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« Reply #7 on: December 24, 2008, 07:06:54 AM »

Attain the Holy Spirit and thousands around you will be saved.
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« Reply #8 on: December 24, 2008, 11:33:50 AM »

Besides all of the above, the Talmud etc. indicates that proselytes came, and were baptized, as a family.  Hence the connection with this verse and all the household being saved.

This also might have implications for converts:who else is praying in the Orthodox Church for your family, living and departed, but you? (You are praying for them, aren't you?).
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« Reply #9 on: December 24, 2008, 11:54:45 AM »

As to Cleveland's reply #2 above whether they wanted to or not...; this is an interesting consideration.  So a man becomes a Christian but his wife doesn't see the point or attraction; she'll also be saved?  And I understood salvation in Orthodoxy as not just a static event but a process.  How can simply believing save a person?

It's not "doesn't see the point or attraction, but she'll still be saved," but more like "the decision regarding whom or what the wife and children shall worship was often made without their input or consideration, and the decision was not able to be vetoed."  Frequently in that time, the Father of the Household, or the Head of the Family (when speaking about clans and extended families) would make the decision about worship, and all members of the household (many of them adults) would follow out of obedience.  So the idea is convert the Father to Christianity, and the whole household has a chance; and if he believe truly, in word and deed, then the life of the house is converted to a holy life, giving all the chance for salvation.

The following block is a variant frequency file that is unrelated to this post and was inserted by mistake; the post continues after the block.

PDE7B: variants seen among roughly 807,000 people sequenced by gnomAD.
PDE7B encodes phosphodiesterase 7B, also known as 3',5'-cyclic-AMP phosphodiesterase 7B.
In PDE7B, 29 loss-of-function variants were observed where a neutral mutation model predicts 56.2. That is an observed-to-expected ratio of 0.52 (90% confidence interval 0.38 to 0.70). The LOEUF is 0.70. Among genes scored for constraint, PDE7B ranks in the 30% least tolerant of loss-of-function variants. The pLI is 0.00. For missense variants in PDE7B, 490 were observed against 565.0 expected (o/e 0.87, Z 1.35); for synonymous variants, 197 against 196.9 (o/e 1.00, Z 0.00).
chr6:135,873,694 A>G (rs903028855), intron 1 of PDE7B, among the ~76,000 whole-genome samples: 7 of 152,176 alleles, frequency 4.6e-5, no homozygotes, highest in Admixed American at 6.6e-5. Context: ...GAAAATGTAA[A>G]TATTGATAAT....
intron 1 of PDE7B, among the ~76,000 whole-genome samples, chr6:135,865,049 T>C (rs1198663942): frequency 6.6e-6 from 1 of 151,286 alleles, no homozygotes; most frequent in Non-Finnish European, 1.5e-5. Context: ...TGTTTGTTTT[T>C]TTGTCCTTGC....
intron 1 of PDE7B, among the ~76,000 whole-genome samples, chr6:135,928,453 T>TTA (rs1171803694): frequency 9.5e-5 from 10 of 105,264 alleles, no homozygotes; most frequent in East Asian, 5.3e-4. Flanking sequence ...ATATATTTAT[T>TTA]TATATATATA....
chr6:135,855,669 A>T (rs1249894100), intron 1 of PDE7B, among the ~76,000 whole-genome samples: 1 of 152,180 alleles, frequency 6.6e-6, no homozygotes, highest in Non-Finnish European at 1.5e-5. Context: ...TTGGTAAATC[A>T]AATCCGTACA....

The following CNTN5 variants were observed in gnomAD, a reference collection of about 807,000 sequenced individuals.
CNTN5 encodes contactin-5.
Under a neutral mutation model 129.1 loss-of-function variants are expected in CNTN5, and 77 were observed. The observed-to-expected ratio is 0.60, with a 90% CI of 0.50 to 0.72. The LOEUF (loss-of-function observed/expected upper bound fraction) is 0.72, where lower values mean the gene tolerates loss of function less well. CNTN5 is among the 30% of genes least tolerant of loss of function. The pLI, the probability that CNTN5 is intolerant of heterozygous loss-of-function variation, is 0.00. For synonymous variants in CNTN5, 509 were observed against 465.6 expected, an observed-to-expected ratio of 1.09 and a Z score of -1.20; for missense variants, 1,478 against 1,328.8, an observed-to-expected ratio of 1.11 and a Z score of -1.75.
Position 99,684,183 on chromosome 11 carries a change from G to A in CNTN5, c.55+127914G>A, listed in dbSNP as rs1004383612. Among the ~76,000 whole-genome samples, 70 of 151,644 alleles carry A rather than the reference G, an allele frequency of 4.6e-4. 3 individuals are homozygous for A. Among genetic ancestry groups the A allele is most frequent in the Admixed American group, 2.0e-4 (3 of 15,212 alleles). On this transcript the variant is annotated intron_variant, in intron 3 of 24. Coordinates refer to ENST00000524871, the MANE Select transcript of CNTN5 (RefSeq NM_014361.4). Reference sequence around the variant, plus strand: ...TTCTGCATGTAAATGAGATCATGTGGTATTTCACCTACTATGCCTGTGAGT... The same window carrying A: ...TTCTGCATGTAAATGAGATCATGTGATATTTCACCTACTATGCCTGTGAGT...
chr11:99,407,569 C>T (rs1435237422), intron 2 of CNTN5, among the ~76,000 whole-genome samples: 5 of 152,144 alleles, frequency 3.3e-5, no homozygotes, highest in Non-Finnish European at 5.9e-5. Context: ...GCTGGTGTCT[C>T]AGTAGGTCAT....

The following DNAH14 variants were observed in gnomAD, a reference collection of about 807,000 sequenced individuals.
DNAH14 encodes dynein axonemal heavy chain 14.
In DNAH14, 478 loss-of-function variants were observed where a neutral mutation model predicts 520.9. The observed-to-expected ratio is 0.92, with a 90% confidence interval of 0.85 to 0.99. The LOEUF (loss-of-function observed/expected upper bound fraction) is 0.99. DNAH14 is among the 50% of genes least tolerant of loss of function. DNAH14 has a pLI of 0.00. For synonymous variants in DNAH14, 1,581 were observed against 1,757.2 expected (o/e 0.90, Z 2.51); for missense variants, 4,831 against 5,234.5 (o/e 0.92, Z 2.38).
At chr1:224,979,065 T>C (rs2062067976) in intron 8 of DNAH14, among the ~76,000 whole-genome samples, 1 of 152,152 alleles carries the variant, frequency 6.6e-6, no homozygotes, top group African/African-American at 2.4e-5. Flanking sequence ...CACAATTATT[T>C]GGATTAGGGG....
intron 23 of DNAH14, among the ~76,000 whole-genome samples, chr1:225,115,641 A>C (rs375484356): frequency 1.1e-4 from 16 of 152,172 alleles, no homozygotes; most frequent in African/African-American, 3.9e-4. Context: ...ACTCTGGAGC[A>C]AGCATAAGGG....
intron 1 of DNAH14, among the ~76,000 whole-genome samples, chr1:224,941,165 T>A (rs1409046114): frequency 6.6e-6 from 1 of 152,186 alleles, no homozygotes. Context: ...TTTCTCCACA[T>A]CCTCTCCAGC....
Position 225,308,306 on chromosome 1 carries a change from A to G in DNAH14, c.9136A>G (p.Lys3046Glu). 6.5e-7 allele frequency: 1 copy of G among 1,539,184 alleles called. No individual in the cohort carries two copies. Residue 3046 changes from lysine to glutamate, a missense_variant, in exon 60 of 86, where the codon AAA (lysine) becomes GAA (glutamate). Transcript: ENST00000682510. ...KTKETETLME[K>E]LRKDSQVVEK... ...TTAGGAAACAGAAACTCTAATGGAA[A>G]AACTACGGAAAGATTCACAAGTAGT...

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« Reply #10 on: December 24, 2008, 03:31:18 PM »

As to Cleveland's reply #2 above whether they wanted to or not...; this is an interesting consideration.  So a man becomes a Christian but his wife doesn't see the point or attraction; she'll also be saved?  And I understood salvation in Orthodoxy as not just a static event but a process.  How can simply believing save a person?

It's not "doesn't see the point or attraction, but she'll still be saved," but more like "the decision regarding whom or what the wife and children shall worship was often made without their input or consideration, and the decision was not able to be vetoed."  Frequently in that time, the Father of the Household, or the Head of the Family (when speaking about clans and extended families) would make the decision about worship, and all members of the household (many of them adults) would follow out of obedience.  So the idea is convert the Father to Christianity, and the whole household has a chance; and if he believe truly, in word and deed, then the life of the house is converted to a holy life, giving all the chance for salvation.

I remember when I almost married a Protestant Copt (yes, such people exist), I was quite firm that she could remain Protestant, but of course there would be no question that the children would be Orthodox.  One of the main reasons why we didn't marry was that her family told me she would convert, and she told me while with them that she would but told my distant relative that she was upset that she would have to.  I thought, better not get into this.  Another thing was her mother was rather unaware that the umbilical cord was cut: in fact the girl's father was Orthodox, the mother was the Protestant.

My ex wife tried to get a clause in the parenting agreement (so called) that she the children's faith was "Christian," which I would have no say over.  That got taken out rather quickly when I said negotiations were over and I insisted on a trial.
« Last Edit: December 24, 2008, 03:32:48 PM by ialmisry » Logged

Question a friend, perhaps he did not do it; but if he did anything so that he may do it no more.
A hasty quarrel kindles fire,
and urgent strife sheds blood.
If you blow on a spark, it will glow;
if you spit on it, it will be put out;
                           and both come out of your mouth